The Secret to Sewing Buttonholes on Stretchy Fabric

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Are you scared of making buttonholes?

If so, you’re not alone...

Even people who have been sewing for years get nervous about it. After all, you could spend a few hours sewing something and then ruin it with a botched buttonhole.

Making buttonholes on stretchy fabric is even scarier — more things can go wrong!

We have a few projects coming up in our monthly subscription box that feature buttonholes, so we wanted to give you some tips on sewing them. At ThreadCrate, we choose projects that are geared towards people with beginner to intermediate sewing skills, and sometimes that means buttonholes. We hope to minimize some of your fears and give you the confidence to attempt them!

Always Stabilize Your Fabric

Because knit fabric is stretchy, the secret to creating buttonholes that look even and do not get stretched out is stabilizer. For best results, you’ll want to use a lightweight fusible on the backside of your buttonhole area.

Fusible tricot interfacing is a good option for stabilizing buttonholes on knit fabric because it has a little bit of stretch. It’s a versatile interfacing that we recommend having on hand for a variety of purposes beyond buttonholes. You can also use it to stabilize collars and hems on knit garments!

Alternatively, you could use a tear-away stabilizer. This is a good option if you’re worried about someone seeing the backside of your buttonhole because tear-away stabilizer can easily be removed once your buttonhole is created.

Whenever you’re creating buttonholes on knit fabric that has a texture or visible pile, we recommend using a stabilizer on both the bottom and top of your fabric. A water-soluble stabilizer works perfectly as a topper because it can be completely removed with water after your buttonhole is created.

Several things can go wrong when you’re sewing buttonholes on knit fabric. Stabilizer helps with a lot of them!

Practice, Practice, Practice!

No matter what stabilizer you use, always create a few test buttonholes on some scraps of fabric before attempting them on your garment. This helps ensure your buttonholes will turn out the way you want. Just be sure to sew your test buttonholes on the same number of layers as on your garment and use a ballpoint/stretch needle.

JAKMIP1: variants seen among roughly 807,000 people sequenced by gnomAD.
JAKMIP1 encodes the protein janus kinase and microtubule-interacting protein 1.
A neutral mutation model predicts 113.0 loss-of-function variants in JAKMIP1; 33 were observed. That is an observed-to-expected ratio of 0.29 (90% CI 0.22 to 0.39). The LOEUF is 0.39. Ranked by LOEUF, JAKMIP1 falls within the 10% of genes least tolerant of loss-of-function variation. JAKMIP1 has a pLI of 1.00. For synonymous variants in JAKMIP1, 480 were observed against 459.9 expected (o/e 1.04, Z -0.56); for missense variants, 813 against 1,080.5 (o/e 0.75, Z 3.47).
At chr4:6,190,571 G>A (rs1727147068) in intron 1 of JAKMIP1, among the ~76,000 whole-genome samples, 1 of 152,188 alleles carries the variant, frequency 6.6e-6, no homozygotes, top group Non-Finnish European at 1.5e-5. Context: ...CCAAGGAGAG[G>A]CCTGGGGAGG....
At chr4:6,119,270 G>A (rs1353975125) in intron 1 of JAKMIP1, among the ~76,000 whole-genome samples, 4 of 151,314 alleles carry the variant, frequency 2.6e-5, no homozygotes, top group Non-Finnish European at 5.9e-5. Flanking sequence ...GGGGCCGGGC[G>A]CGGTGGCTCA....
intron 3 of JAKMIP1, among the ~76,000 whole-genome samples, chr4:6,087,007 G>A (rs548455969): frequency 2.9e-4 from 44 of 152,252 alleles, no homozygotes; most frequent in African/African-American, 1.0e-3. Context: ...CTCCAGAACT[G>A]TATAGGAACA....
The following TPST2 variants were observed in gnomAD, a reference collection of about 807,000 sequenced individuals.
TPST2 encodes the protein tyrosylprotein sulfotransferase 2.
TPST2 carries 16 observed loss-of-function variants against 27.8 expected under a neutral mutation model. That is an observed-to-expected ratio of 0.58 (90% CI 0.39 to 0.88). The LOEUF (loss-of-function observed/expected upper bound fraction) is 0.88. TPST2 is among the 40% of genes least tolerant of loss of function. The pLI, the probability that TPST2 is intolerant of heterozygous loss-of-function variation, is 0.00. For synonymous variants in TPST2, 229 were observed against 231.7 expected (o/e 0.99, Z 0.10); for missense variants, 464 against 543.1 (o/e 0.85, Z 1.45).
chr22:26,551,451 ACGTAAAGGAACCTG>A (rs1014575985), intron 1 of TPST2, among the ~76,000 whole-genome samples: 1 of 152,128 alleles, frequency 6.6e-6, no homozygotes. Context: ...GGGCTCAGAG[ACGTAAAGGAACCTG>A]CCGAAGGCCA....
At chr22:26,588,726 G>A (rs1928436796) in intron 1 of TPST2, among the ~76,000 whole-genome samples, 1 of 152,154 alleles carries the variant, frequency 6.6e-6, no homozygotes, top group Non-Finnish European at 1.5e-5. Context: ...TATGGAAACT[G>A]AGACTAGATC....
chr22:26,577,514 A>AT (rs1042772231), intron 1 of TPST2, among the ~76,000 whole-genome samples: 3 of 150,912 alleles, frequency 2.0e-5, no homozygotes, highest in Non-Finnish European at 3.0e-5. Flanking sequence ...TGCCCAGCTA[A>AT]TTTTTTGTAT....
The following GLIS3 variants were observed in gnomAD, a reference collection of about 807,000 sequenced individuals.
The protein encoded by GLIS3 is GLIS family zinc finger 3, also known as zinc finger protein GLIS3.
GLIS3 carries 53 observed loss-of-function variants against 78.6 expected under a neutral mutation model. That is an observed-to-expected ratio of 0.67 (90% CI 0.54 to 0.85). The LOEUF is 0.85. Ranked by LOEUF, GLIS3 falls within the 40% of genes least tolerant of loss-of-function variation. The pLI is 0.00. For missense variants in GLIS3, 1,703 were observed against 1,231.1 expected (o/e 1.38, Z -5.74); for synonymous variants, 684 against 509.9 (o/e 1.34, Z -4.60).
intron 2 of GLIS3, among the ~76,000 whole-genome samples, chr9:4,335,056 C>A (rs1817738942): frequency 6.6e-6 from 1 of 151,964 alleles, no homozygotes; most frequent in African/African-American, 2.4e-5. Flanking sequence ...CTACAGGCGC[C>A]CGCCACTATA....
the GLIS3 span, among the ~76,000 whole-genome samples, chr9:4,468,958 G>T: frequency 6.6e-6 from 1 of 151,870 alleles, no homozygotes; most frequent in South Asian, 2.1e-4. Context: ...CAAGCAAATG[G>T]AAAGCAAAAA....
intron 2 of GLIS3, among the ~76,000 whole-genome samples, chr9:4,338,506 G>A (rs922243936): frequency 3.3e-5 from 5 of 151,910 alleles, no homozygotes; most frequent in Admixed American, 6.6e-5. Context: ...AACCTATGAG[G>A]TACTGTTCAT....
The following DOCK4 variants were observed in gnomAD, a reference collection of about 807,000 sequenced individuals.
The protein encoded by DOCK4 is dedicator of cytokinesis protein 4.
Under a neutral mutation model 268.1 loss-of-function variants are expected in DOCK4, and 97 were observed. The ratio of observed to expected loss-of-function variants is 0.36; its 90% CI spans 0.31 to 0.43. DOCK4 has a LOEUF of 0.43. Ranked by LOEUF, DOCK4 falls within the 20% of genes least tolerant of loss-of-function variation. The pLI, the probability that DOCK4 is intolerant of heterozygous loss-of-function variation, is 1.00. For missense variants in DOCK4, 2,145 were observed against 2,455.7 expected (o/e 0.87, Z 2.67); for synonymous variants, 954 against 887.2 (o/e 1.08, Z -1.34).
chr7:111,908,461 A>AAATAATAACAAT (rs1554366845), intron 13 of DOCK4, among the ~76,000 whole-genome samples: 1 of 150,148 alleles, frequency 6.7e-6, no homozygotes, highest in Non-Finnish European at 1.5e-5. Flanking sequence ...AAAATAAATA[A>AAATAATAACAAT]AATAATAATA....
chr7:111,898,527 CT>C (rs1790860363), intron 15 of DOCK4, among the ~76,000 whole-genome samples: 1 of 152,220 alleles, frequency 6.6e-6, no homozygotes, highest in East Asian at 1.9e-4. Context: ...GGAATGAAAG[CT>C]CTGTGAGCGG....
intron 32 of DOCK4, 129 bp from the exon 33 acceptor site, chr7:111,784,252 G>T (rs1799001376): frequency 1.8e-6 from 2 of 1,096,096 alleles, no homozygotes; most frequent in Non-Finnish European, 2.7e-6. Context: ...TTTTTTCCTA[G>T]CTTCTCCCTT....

Hopefully your test buttonholes will turn out great, but a common adjustment you might need to make when sewing buttonholes on knit fabric is to lower the tension. Some sewing machines also have special knit buttonhole settings you can try. All sewing machines are a little different, so check your operations manual.

Buttonholes are often the very last step on a garment sewing project. They require careful planning and precision. Don’t rush, and don’t skip the test buttonhole step! The practice really does help.

Pattern Hack for the Harper Cardigan

Did you get the October 2021 women’s crate? It featured some beautiful sweater knit fabric with raised, textured lines. The pattern in the crate was the Harper Classic Cardigan from Sinclair Patterns!

Subscribers have been posting some amazing pictures of their finished cardigans and dusters in our private Facebook group. If you haven’t subscribed to ThreadCrate yet, we’d love to have you join us.

Subscribe Today!

The cardigan pattern did not require buttons, but you could easily add them along the front band. It’s a fun pattern hack that can give your cardigan a completely different look!

Just imagine how great your cardigan would look with some rustic buttons for a cozy look or some chunky novelty buttons for some flair… One well-placed button on a cardigan can even have a slimming effect.

Here’s a pic of a cute wooden buttons on the Harper cardigan from October’s crate. Doesn’t it look great?

The buttonholes were created with a tear-away stabilizer on the bottom and a water-soluble stabilizer on the top. They turned out great!

Are you ready to sew some buttonholes on knit fabric? You can do this! With a little practice, they’ll turn out great.

If you missed our last post, be sure to check it out: 4 Important Tips for Sewing Knits.

Have You Tried ThreadCrate?

ThreadCrate is a sewing subscription box for people with beginner to intermediate sewing skills. We send you a pattern, fabric, and all the notions you need to sew a garment each month. We throw in sewing tools and goodies, too! We hope you'll join us.

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